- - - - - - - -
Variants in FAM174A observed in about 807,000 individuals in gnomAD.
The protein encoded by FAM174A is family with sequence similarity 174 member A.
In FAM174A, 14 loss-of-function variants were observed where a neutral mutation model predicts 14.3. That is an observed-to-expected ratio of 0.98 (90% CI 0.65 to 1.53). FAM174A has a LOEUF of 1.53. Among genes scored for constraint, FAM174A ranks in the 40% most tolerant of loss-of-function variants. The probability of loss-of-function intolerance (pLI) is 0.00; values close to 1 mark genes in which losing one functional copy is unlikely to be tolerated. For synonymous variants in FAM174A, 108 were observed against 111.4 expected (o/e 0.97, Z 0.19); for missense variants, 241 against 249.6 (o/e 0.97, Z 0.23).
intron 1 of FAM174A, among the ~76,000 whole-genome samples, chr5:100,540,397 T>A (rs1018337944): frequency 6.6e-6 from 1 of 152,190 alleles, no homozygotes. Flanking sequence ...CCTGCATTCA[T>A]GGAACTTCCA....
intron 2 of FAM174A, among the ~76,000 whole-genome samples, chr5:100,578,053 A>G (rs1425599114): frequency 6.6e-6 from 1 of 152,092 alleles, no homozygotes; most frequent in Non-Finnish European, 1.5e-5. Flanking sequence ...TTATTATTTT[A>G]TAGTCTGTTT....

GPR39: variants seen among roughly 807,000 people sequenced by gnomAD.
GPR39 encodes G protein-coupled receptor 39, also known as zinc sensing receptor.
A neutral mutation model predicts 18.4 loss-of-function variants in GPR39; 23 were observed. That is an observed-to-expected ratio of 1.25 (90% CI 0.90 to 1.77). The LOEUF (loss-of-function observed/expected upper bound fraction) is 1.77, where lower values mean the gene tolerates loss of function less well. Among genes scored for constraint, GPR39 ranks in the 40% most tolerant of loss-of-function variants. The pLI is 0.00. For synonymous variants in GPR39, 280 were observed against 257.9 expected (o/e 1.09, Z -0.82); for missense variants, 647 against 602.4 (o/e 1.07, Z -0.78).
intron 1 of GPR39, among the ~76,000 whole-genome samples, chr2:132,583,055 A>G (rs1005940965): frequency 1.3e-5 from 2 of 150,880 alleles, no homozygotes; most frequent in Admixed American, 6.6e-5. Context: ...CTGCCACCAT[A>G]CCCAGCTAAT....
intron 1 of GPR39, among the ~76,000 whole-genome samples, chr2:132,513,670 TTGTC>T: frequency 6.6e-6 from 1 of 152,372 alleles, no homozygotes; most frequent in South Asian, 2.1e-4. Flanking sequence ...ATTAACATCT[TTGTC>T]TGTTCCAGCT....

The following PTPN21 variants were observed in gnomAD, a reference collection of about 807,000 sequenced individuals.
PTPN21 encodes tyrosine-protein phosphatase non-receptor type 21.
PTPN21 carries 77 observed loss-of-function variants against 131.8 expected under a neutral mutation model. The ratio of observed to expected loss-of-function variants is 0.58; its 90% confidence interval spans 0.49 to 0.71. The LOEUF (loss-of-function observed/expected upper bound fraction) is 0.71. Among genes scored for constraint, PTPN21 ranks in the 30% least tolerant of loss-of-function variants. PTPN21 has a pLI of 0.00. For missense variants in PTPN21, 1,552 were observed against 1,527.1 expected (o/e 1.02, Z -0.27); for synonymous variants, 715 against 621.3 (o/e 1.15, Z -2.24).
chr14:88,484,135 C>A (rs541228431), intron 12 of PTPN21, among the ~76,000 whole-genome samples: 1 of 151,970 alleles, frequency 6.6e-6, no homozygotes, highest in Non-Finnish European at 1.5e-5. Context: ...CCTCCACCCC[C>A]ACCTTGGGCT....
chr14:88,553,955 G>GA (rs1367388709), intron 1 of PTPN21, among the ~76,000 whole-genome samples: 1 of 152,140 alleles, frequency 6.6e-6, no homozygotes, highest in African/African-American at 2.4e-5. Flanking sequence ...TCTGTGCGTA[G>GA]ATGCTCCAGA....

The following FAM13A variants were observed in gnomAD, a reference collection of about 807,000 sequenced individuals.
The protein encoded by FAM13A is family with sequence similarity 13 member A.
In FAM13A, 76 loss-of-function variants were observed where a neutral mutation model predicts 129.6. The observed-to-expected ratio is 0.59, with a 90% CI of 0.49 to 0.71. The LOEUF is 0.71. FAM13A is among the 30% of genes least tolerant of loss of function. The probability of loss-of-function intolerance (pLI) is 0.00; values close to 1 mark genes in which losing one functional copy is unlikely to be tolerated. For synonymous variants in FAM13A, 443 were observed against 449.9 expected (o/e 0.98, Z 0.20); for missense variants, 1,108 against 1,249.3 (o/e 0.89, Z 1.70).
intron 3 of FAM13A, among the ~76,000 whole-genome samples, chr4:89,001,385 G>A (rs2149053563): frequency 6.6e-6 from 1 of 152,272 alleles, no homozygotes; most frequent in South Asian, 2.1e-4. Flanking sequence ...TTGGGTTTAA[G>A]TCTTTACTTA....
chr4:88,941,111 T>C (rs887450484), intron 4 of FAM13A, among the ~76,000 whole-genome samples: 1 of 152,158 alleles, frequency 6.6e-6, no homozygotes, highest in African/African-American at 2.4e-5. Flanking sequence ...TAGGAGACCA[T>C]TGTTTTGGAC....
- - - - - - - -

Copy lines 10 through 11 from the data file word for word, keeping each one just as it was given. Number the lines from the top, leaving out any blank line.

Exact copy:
intron 1 of GPR39, among the ~76,000 whole-genome samples, chr2:132,513,670 TTGTC>T: frequency 6.6e-6 from 1 of 152,372 alleles, no homozygotes; most frequent in South Asian, 2.1e-4. Flanking sequence ...ATTAACATCT[TTGTC>T]TGTTCCAGCT....

The following PTPN21 variants were observed in gnomAD, a reference collection of about 807,000 sequenced individuals.